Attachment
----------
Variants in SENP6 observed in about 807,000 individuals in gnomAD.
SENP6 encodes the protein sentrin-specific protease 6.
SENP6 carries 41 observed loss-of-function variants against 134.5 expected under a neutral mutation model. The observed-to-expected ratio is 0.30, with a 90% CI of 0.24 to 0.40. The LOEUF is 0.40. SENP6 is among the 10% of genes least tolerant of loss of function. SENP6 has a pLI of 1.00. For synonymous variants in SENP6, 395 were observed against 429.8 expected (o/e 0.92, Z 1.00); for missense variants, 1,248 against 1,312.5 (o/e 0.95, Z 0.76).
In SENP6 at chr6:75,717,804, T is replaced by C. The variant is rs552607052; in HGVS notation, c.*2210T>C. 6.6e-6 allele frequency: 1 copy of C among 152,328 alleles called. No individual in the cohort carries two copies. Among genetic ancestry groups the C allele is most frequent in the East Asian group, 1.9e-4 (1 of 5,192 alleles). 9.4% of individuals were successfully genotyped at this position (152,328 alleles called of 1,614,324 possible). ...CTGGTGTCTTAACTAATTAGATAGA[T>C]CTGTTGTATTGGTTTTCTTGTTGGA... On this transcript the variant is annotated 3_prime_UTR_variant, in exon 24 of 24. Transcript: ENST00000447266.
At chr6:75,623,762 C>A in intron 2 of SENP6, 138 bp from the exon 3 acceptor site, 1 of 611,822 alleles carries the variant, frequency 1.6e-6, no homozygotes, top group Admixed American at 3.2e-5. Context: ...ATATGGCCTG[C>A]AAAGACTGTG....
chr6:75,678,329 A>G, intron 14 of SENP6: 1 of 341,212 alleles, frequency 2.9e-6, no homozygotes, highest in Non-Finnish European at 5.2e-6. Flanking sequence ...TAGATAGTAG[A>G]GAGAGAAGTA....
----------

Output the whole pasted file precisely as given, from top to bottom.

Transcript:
Variants in SENP6 observed in about 807,000 individuals in gnomAD.
SENP6 encodes the protein sentrin-specific protease 6.
SENP6 carries 41 observed loss-of-function variants against 134.5 expected under a neutral mutation model. The observed-to-expected ratio is 0.30, with a 90% CI of 0.24 to 0.40. The LOEUF is 0.40. SENP6 is among the 10% of genes least tolerant of loss of function. SENP6 has a pLI of 1.00. For synonymous variants in SENP6, 395 were observed against 429.8 expected (o/e 0.92, Z 1.00); for missense variants, 1,248 against 1,312.5 (o/e 0.95, Z 0.76).
In SENP6 at chr6:75,717,804, T is replaced by C. The variant is rs552607052; in HGVS notation, c.*2210T>C. 6.6e-6 allele frequency: 1 copy of C among 152,328 alleles called. No individual in the cohort carries two copies. Among genetic ancestry groups the C allele is most frequent in the East Asian group, 1.9e-4 (1 of 5,192 alleles). 9.4% of individuals were successfully genotyped at this position (152,328 alleles called of 1,614,324 possible). ...CTGGTGTCTTAACTAATTAGATAGA[T>C]CTGTTGTATTGGTTTTCTTGTTGGA... On this transcript the variant is annotated 3_prime_UTR_variant, in exon 24 of 24. Transcript: ENST00000447266.
At chr6:75,623,762 C>A in intron 2 of SENP6, 138 bp from the exon 3 acceptor site, 1 of 611,822 alleles carries the variant, frequency 1.6e-6, no homozygotes, top group Admixed American at 3.2e-5. Context: ...ATATGGCCTG[C>A]AAAGACTGTG....
chr6:75,678,329 A>G, intron 14 of SENP6: 1 of 341,212 alleles, frequency 2.9e-6, no homozygotes, highest in Non-Finnish European at 5.2e-6. Flanking sequence ...TAGATAGTAG[A>G]GAGAGAAGTA....